Data-driven vibration signal filtering procedure based on the α-stable distribution

Grzegorz Żak1 , Agnieszka Wyłomańska2 , Radosław Zimroz3

1, 3Diagnostics and Vibro-Acoustics Science Laboratory, Wroclaw University of Technology, Na Grobli 15, 50-421 Wroclaw, Poland

2Hugo Steinhaus Center, Department of Mathematics, Wroclaw University of Technology, Janiszewskiego 14a, 50-370 Wroclaw, Poland

1Corresponding author

Journal of Vibroengineering, Vol. 18, Issue 2, 2016, p. 826-837.
Received 17 December 2015; received in revised form 21 January 2016; accepted 29 January 2016; published 31 March 2016

Copyright © 2016 JVE International Ltd. This is an open access article distributed under the Creative Commons Attribution License, which permits unrestricted use, distribution, and reproduction in any medium, provided the original work is properly cited.
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Abstract.

A novel procedure for data-driven enhancement of informative signal is presented in this paper. The introduced methodology covers decomposition of the signal via time-frequency spectrogram into set of narrowband sub-signals. Furthermore, each of the sub-signals is considered as a sample of independent identically distributed random variables and we model the distribution of the sample, in contrast to the classical methodology where the simple statistics, for example kurtosis, for each sub-signal was calculated. This approach provides a new perspective in the signal processing techniques for local damage detection. Using our methodology one can eliminate potential risk related to high sensitivity towards single outlier. In the proposed procedure we model each sub-signal in time-frequency representation by α-stable distribution. This distribution is a generalization of standard Gaussian one and allows us for modeling sub-signals related to both informative and non-informative frequencies. As a result, we obtain distribution of stability parameter vs. frequencies that is analogy to spectral kurtosis approach well known in the literature. Such characteristic is basis for filter design used for raw signal enhancement. To evaluate efficiency of our method we compare raw and filtered signal in time, time-frequency and frequency (envelope spectrum) domains. Moreover, we present comparison to the spectral kurtosis approach. The presented methodology we applied to simulated signal and real vibration signal from two stage heavy duty gearbox used in mining industry.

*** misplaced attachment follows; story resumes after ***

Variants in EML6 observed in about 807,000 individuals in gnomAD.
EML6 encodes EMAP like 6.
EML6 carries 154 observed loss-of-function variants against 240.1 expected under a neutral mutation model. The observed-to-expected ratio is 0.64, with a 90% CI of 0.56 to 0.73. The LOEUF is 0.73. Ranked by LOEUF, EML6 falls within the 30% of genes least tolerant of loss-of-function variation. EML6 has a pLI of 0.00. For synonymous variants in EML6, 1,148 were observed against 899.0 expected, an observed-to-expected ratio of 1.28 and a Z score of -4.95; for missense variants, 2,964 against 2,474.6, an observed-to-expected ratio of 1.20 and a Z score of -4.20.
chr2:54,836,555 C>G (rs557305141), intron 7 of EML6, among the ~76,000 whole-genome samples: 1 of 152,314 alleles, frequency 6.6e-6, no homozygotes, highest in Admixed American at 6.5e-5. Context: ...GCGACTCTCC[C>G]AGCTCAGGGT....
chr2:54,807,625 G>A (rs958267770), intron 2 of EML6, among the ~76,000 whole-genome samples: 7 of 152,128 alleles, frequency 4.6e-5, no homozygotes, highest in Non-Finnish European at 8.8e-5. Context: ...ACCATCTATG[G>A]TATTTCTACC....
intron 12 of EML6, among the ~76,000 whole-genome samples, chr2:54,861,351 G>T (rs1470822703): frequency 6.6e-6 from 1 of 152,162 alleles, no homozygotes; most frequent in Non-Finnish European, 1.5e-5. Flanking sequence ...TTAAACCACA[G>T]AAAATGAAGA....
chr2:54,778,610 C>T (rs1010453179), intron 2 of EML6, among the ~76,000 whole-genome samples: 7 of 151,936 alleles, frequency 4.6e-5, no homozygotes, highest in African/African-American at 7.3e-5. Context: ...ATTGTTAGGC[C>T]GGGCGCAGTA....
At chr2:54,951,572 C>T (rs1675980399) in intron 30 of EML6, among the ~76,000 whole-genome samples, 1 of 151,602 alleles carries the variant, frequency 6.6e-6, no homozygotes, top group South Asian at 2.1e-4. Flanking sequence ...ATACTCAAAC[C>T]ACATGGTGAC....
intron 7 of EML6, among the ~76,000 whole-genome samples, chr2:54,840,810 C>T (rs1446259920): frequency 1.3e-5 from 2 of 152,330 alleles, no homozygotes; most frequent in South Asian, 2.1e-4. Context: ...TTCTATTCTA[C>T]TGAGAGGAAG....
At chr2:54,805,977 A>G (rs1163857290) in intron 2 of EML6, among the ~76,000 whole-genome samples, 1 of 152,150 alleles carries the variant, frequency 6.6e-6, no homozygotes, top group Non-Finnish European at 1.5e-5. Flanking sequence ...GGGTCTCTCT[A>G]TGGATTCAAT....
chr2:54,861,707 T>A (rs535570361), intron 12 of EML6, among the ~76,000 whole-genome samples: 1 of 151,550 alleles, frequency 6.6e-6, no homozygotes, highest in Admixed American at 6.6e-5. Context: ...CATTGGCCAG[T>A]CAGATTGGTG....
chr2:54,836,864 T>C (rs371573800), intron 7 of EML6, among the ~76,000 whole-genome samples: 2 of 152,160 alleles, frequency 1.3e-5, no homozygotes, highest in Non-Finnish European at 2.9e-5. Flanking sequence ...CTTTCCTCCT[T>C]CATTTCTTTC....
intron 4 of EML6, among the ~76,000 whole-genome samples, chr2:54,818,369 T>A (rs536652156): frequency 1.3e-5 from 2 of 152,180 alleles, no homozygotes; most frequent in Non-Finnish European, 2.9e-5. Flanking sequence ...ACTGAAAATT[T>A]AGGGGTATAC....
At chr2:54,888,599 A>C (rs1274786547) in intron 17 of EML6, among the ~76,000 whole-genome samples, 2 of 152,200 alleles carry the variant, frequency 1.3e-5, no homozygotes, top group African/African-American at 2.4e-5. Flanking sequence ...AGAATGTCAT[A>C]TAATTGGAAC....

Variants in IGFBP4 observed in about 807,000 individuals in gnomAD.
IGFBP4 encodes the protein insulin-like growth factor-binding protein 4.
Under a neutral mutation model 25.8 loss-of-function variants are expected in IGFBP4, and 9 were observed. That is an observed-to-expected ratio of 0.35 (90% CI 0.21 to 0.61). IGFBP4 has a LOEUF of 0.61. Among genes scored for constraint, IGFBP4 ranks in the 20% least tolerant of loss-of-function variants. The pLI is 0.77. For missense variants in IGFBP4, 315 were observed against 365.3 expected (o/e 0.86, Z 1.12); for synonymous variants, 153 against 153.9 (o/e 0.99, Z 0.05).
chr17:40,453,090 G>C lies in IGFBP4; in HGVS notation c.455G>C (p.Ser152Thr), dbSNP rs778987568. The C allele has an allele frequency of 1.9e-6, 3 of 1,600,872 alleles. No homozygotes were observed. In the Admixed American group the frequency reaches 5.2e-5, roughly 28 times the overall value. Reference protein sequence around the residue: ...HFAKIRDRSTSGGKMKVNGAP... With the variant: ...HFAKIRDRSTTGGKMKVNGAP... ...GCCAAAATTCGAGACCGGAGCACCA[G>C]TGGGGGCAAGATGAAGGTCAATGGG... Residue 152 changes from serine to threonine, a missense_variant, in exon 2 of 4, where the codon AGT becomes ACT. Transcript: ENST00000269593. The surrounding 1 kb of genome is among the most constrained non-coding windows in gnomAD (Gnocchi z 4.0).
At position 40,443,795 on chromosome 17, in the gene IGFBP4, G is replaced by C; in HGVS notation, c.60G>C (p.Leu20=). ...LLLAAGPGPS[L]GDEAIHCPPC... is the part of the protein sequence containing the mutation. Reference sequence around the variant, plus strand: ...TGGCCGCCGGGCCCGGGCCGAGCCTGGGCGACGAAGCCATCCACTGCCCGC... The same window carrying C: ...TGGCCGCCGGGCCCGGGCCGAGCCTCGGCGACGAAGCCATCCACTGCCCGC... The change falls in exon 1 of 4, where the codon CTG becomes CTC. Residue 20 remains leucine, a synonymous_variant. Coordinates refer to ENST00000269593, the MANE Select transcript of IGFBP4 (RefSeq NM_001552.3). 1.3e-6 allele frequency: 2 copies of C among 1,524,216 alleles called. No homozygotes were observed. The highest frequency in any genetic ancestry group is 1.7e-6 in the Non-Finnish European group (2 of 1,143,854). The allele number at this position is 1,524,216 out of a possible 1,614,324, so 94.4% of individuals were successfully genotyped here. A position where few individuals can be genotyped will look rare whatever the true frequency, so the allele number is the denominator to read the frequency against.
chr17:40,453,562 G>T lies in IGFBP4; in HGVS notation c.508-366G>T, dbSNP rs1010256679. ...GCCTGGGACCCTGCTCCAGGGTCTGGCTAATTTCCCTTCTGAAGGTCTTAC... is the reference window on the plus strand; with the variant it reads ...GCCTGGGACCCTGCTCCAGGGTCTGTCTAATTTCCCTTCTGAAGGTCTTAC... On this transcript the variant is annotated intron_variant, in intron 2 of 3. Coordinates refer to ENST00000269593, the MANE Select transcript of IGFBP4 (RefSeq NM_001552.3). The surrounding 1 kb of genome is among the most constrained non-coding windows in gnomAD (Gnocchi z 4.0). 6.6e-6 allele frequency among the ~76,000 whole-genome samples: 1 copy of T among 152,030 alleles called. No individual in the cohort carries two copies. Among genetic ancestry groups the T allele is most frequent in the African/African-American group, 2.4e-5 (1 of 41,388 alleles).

Keywords: vibration, gearbox, local damage, alpha stable distribution, filtering.

1. Introduction

Problem of the local damage detection in heavy duty machines is currently one of the most investigated in the condition monitoring [1-3]. Methods used in this field are based on the different approaches. For example, one can use methods taking into account synchronous averaging [4], advanced signal filtering based on adaptive filters [5-9], AR model-based filter [10], Shur filter [11, 12] or several signal decompositions: by filter banks, wavelets or EMD [13-25]. Optimization of the filtering procedure might be done in time domain (maximizing kurtosis of the signal [13, 15, 16] or frequency domain (maximizing kurtosis or other statistical features for narrow frequency band [26, 27] or maximizing envelope spectrum results) [28, 29]. Several interesting review papers can be found in literature, for example [30, 31].

Another very promising approach is based on the cyclostationary behavior of the vibration signal [32-34]. However, signal acquired from the industrial machines is often non-stationary and has very complex structure, especially when we consider the faulty case, so to hottest direction in this field is cyclo-non-stationarity of the signal [35].